The 19 cuts that grace the recording include songs by many non-IWW authors, but their inclusion enriches the mix. Like Flo Reece’s “Which Side Are You On?” where Terry embodies Flo’s unique vocal style, working-class imperatives in “Build High the Bridge,” environmental justice in “Something in the Rain,” solidarity in “Links on the Chain,” and immigrants and labor in “Borderlines” are all powerful reminders of the work that still needs to be organized. Do you know “Paper Heart”? Si Khan and Charlotte Brody wrote this about Joe Hill, and Magpie’s heart-tugging harmony is sad and beautiful. And now the circle is complete.

    Please see www.magpiemusic.com for information on this and other recordings by Magpie. 

    Joe Hill concert with the U-Liners

    We continue to add new Joe Hill events to our calendar as we learn of them.  The latest:

    Sunday, Nov. 19, 2017. 4:00 pm. Joe Hill commemoration concert with the U-Liners. Fundraiser for Marc Elrich, candidate for Montgomery County Executive. Flanagan’s Harp & Fiddle, 4844 Cordell Ave., Bethesda, Maryland.

    We’ve also added the 2018 Solidarity Forever Labor History calendar to our web store. This year’s calendar commemorates workers’ struggles against fascism and bigotry around the world, and the power of workers’ solidarity.

    Joe Hill exhibit in Bishop Hill, IL

    Workers of the World, Awaken!: The Life and Legacy of Joe Hill exhibit opened on Saturday, June 3, at the Steeple Building Museum in Bishop Hill, Illinois. The exhibit will close on September 30, 2017.

    This traveling display, consisting of 5 text panels and over 25 stand-alone images with music, was created by the American Swedish Historical Museum in Philadelphia. After a year in Philadelphia, the exhibit has also appeared at Nordic Northwest, in Portland, OR.

    For more details about the exhibit or the concert, please call 309-927-3899 or email bhha@mymctc.net.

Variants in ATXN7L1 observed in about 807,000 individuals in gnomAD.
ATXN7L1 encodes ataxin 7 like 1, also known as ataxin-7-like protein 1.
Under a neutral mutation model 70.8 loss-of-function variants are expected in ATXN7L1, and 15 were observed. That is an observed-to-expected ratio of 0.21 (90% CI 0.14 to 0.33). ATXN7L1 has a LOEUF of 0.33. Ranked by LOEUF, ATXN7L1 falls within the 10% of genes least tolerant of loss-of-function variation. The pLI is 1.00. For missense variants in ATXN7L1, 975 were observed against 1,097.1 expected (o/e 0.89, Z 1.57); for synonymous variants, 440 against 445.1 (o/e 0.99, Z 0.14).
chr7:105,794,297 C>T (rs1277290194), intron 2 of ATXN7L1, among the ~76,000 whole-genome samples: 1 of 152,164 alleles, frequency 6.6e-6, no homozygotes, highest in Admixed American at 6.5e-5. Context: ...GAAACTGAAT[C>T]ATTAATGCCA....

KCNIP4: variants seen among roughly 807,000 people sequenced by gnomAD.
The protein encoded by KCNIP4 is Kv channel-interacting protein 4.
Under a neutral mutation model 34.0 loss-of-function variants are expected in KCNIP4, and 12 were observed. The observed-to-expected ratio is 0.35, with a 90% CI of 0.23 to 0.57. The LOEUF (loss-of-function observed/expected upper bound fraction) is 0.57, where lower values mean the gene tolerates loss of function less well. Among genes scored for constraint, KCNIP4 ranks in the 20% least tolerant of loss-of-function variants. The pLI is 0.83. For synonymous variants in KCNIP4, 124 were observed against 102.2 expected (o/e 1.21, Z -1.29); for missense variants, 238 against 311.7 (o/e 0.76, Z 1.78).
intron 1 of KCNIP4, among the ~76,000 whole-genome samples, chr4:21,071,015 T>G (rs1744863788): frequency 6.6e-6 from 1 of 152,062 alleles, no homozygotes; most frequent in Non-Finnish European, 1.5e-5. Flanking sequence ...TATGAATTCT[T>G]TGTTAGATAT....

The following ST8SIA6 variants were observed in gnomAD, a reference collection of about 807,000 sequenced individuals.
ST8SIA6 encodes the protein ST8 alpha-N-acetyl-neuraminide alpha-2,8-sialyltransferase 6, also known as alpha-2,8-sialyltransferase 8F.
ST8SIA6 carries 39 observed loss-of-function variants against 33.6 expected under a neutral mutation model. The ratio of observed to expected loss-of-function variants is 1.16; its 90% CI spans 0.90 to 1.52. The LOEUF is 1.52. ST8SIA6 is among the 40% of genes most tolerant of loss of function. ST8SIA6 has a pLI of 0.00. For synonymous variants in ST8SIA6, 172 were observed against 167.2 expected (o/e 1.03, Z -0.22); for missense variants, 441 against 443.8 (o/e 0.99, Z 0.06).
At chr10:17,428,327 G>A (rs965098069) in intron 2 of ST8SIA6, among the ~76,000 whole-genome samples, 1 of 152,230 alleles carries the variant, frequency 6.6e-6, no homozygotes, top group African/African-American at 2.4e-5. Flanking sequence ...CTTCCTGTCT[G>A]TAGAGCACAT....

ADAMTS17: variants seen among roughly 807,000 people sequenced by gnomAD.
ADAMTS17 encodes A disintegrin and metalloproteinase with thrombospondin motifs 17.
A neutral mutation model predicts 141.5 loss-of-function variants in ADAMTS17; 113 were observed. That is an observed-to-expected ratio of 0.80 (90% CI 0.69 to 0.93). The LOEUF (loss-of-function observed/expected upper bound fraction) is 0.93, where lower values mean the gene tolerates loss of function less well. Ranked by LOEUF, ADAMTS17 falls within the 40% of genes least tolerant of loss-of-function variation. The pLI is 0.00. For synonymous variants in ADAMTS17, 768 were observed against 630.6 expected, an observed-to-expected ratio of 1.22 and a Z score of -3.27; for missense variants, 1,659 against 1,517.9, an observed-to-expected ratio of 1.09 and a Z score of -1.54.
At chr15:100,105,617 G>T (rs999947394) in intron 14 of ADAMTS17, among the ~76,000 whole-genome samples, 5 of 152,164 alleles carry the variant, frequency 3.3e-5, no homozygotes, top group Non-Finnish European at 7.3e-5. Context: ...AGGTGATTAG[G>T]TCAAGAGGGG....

Joe Hill musical history show set for Louisville on April 7

    By John Paul Wright 

    Nashville-based Shelby Bottom Duo (Michael August and Nell Levin) will perform their entertaining, multimedia educational show, A Musical History of Joe Hill and the Early Labor Movement in Louisville April 7. The show is set for 7 to 10 p.m. at Lettersong, 1501 Story Ave.

    Tickets are $10 advance, $12 at the door. Space is limited so advance tickets are recommended. Click here for tickets.

    Their companion CD Joe Hill Roadshow will be available at the show. Special guest will be Louisville’s John Paul Wright, Railroad Engineer, Songwriter, Drummer, Poet, Activist. www.railroadmusic.org

    Songwriter Joe Hill is the precursor of Woody Guthrie, Pete Seeger, Bob Dylan and Bruce Springsteen. He was immortalized when Joan Baez sang “I Dreamed I Saw Joe Hill Last Night” at the Woodstock Festival in 1969. A Swedish immigrant, Hill was a member of the international labor group, the Industrial Workers of the World (IWW or Wobblies), active in the decade leading up to World War I. In 1914, Joe Hill was framed for two murders he did not commit. He was executed by a firing squad in Salt Lake City, Utah on November 19,1915. He subsequently became a labor icon.

    Our Musical History includes live performances of Joe Hill songs along with a talk and images about Hill’s life, early labor struggles and the influence of the IWW’s innovative organizing strategies on movements today. Our goal is to share this vital slice of labor history with a wide range people so that we can all better understand why the revolutionary creativity exemplified by Joe Hill and the Wobblies is still relevant. In 2015, 100 years after Joe Hill’s execution, 40 concerts were held around the country celebrating his legacy. Shelby Bottom Duo organized and performed at the Nashville concert and performed at the Knoxville concert.

    A Musical History has received funding for our performances from Metro Nashville Arts Commission THRIVE and Humanities Tennessee.

    “Shelby Bottom Duo: Entertaining, irreverent social commentary, humanity and humor.” Bill Friskics-Warren, correspondent for the New York Times

    Utah Phillips’ rail car to be restored

    by Ron Kaminkow, Black Butte Center for Railroad Culture